I thank His Excellency, Minister Harold Caballeros, for convening this timely discussion.
When it comes to peace and justice, we are living in a new world.
Those who contemplate committing horrific acts that shock the conscience of humankind can no longer be confident that their heinous crimes will go unpunished.
Rulers and warlords who perpetrate atrocities can no longer trade their power for an amnesty and then slip away, unpunished, in some safe haven.
We live in an age of accountability.
It is an age in which there is an ever-growing emphasis on the responsibility of States to end impunity and to prosecute those responsible for genocide, crimes against humanity, war crimes and other egregious crimes.
It is an age in which UN envoys and representatives will not, as they negotiate and mediate peace agreements, promote or condone amnesties for genocide, crimes against humanity, war crimes, and gross violations of human rights.
And it is an age that this Council has played a central role in bringing about -- by establishing the Tribunals for the former Yugoslavia, Rwanda and Lebanon, and the Special Court for Sierra Leone.
At the centre of this new system of international criminal justice stands the International Criminal Court.
In that regard, I welcome the participation and presence of the Honorable Judge Sang-Hyun Song, President of the International Criminal Court.
Both the Court and the Council are frequently active in the same situations.
The grave crimes that the ICC deals with threaten, in the words of the Rome Statute, “the peace, security and well-being of the world” -- the very peace and security this Council is charged to maintain.
It is not surprising, then, to find the Court investigating, prosecuting and trying situations that are on this Council’s agenda —such as the Democratic Republic of the Congo, Côte d’Ivoire and the Lord’s Resistance Army.
And of course, the Security Council has itself referred certain situations on its agenda to the Court’s Prosecutor— as we have seen in the cases of Darfur and Libya.
But the Court is not simply an autonomous international organization. It is also a judicial body -- independent and impartial.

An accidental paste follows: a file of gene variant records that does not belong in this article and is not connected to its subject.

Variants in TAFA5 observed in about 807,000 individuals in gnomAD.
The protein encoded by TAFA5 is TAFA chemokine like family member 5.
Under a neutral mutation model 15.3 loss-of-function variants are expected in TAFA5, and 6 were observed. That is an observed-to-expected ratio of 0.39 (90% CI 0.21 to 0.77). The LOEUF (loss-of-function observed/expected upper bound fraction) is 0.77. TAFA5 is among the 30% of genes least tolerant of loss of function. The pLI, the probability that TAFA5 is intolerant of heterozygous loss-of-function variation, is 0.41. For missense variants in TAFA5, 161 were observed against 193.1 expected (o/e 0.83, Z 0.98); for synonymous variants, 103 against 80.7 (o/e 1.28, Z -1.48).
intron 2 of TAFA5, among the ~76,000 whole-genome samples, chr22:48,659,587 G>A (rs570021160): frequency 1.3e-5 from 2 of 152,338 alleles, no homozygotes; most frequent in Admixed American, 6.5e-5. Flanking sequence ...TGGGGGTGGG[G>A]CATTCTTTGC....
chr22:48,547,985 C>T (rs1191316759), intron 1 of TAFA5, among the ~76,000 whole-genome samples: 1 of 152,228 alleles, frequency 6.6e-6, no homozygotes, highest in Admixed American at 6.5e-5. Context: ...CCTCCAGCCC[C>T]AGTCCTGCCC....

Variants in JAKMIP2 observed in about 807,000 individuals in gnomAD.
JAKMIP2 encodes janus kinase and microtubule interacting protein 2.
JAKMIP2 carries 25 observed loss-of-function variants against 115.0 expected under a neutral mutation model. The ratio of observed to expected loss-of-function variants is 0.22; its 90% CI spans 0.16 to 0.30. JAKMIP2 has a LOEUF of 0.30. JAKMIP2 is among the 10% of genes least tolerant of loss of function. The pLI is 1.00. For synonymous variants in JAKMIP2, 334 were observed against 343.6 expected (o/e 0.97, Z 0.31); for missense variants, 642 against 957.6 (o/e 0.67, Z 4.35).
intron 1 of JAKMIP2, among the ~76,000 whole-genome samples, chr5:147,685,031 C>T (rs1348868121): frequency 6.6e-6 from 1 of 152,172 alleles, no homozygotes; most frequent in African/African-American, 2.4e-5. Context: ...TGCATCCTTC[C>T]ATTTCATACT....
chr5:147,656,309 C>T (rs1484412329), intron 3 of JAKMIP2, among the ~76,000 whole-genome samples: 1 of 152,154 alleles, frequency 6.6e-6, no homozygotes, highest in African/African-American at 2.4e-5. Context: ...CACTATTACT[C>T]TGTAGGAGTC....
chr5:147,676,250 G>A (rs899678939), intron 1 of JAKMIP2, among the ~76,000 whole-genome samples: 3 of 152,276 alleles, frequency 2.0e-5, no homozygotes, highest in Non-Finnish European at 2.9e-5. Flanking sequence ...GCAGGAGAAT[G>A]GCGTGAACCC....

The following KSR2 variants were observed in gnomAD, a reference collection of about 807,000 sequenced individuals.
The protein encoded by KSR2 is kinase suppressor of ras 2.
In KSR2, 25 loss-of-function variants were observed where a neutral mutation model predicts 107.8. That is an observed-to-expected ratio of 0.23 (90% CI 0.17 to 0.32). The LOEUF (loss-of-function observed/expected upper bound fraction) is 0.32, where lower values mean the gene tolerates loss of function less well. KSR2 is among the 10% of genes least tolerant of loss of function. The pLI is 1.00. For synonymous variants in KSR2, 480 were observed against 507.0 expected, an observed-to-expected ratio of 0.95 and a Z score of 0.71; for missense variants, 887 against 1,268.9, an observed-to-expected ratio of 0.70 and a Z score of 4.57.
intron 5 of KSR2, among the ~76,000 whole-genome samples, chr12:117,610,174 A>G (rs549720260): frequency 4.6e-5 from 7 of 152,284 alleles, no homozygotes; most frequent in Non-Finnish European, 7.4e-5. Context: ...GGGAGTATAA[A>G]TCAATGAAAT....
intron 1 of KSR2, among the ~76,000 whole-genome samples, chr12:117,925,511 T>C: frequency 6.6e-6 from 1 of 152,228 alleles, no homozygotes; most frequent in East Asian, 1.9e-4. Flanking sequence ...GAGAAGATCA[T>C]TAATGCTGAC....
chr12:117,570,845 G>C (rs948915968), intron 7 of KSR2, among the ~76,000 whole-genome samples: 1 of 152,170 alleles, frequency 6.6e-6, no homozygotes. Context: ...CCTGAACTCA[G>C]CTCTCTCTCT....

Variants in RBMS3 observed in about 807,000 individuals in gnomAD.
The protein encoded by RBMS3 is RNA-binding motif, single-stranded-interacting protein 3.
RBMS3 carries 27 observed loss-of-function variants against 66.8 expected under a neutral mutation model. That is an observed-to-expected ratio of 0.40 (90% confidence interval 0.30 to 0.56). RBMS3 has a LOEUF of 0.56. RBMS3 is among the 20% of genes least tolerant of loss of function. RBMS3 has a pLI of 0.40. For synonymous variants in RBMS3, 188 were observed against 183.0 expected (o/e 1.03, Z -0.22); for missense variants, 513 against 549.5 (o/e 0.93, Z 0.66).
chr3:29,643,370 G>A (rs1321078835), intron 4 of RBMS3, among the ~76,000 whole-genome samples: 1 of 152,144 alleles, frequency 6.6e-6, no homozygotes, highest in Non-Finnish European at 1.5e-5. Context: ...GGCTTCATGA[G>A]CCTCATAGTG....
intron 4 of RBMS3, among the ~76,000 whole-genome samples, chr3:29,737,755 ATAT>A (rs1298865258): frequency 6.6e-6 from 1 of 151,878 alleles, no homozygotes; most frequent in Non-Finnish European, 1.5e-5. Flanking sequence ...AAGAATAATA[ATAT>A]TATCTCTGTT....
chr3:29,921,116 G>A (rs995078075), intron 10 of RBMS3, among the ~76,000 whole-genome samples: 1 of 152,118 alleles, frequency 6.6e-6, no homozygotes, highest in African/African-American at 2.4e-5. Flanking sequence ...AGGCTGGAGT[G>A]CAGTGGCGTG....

Once set in motion, justice takes its own inexorable course, unswayed by politics.
That is its strength, its distinctive virtue.
But it also, frankly, presents challenges to those who have to navigate the new environment that is created when justice enters the scene.
When the Court takes up a situation — whether because of a Security Council referral or otherwise— the whole landscape changes. And it is likely to keep changing as cases are investigated and arrest warrants are issued; as suspects are detained and transferred to The Hague, trials are opened and verdicts and sentences are handed down.
The Court and Council both operate in this fluid setting, and both should explore the many ways in which they can complement and leverage each other's work, from prevention to enforcement. In this regard, the Council, where it has referred a situation to the Prosecutor, can greatly assist the Court by acting to secure the necessary level of cooperation from Member States.
Ten years have passed since the Rome Statute entered into force and the world’s first permanent international criminal court became a new part of the global system.
A considerable amount of experience has been accumulated since that time.
We have seen the value of a Court that pursues justice in all regions.
We have seen how the actions and inactions of the Court and the Security Council can have an impact on the other.
But most importantly, we have seen how the activities of each can assist the other.
Only if perpetrators of grave crimes are prosecuted and held to account, can there be any hope that future such crimes will be prevented and peace preserved.
Justice is crucial for breaking cycles of violence and fragility.
Even the possibility of ICC engagement in a given situation can create an incentive to set up local mechanisms to deliver justice.
That gives the Council a critical role when mandating peacekeeping or special political missions to strengthen national capacity to prosecute serious crimes.
In the Democratic Republic of the Congo, for example, MONUSCO has worked with national authorities to set up and support Prosecution Support Cells to investigate and prosecute serious crimes in the eastern part of the country.
The Court, for its part, can help to strengthen national responses to serious crimes through the domestic incorporation of provisions of the Rome Statute. In addition, its outreach work is intended to stop cycles of violence from recurring.
The Court and the Council can support each other in building local justice responses and in strengthening the rule of law.
The Council and the Court frequently operate in the same political space. They share a common interest.
The Court can help advance the purposes of the United Nations, above all “to maintain international peace and security”.
And this Council — by understanding and respecting the work of the Court—can advance its own cause and better discharge its responsibilities.
In this new age of accountability, in this period of growing demands for justice, let us do our utmost to draw solid lessons from a decade of advances and challenges.
Let us do everything we can to see the Council and the Court work together to deliver both justice and peace.
I look forward to a constructive discussion.